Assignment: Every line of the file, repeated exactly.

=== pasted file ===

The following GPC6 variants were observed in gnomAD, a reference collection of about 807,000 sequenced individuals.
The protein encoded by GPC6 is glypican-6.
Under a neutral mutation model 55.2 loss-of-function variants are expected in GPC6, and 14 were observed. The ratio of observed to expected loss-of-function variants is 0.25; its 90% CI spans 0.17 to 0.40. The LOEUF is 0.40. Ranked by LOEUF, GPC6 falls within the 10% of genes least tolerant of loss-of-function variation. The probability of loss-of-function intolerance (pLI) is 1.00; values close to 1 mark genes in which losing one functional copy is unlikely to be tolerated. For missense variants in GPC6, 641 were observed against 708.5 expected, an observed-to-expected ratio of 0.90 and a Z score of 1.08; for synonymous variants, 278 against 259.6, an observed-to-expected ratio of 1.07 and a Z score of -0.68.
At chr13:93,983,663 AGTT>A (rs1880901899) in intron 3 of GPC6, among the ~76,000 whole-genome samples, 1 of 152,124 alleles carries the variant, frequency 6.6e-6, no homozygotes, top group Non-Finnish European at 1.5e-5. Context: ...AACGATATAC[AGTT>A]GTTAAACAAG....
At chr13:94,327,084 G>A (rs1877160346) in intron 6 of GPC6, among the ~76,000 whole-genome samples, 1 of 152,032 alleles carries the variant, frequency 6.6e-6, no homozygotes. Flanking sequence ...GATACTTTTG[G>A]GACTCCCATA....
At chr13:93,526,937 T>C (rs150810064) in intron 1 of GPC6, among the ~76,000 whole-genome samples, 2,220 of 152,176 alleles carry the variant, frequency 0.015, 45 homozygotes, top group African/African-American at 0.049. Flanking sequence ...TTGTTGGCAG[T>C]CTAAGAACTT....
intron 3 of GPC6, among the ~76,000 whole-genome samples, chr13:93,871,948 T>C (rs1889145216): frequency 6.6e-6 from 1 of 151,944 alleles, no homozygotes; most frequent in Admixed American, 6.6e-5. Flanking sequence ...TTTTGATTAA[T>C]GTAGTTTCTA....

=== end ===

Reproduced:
The following GPC6 variants were observed in gnomAD, a reference collection of about 807,000 sequenced individuals.
The protein encoded by GPC6 is glypican-6.
Under a neutral mutation model 55.2 loss-of-function variants are expected in GPC6, and 14 were observed. The ratio of observed to expected loss-of-function variants is 0.25; its 90% CI spans 0.17 to 0.40. The LOEUF is 0.40. Ranked by LOEUF, GPC6 falls within the 10% of genes least tolerant of loss-of-function variation. The probability of loss-of-function intolerance (pLI) is 1.00; values close to 1 mark genes in which losing one functional copy is unlikely to be tolerated. For missense variants in GPC6, 641 were observed against 708.5 expected, an observed-to-expected ratio of 0.90 and a Z score of 1.08; for synonymous variants, 278 against 259.6, an observed-to-expected ratio of 1.07 and a Z score of -0.68.
At chr13:93,983,663 AGTT>A (rs1880901899) in intron 3 of GPC6, among the ~76,000 whole-genome samples, 1 of 152,124 alleles carries the variant, frequency 6.6e-6, no homozygotes, top group Non-Finnish European at 1.5e-5. Context: ...AACGATATAC[AGTT>A]GTTAAACAAG....
At chr13:94,327,084 G>A (rs1877160346) in intron 6 of GPC6, among the ~76,000 whole-genome samples, 1 of 152,032 alleles carries the variant, frequency 6.6e-6, no homozygotes. Flanking sequence ...GATACTTTTG[G>A]GACTCCCATA....
At chr13:93,526,937 T>C (rs150810064) in intron 1 of GPC6, among the ~76,000 whole-genome samples, 2,220 of 152,176 alleles carry the variant, frequency 0.015, 45 homozygotes, top group African/African-American at 0.049. Flanking sequence ...TTGTTGGCAG[T>C]CTAAGAACTT....
intron 3 of GPC6, among the ~76,000 whole-genome samples, chr13:93,871,948 T>C (rs1889145216): frequency 6.6e-6 from 1 of 151,944 alleles, no homozygotes; most frequent in Admixed American, 6.6e-5. Flanking sequence ...TTTTGATTAA[T>C]GTAGTTTCTA....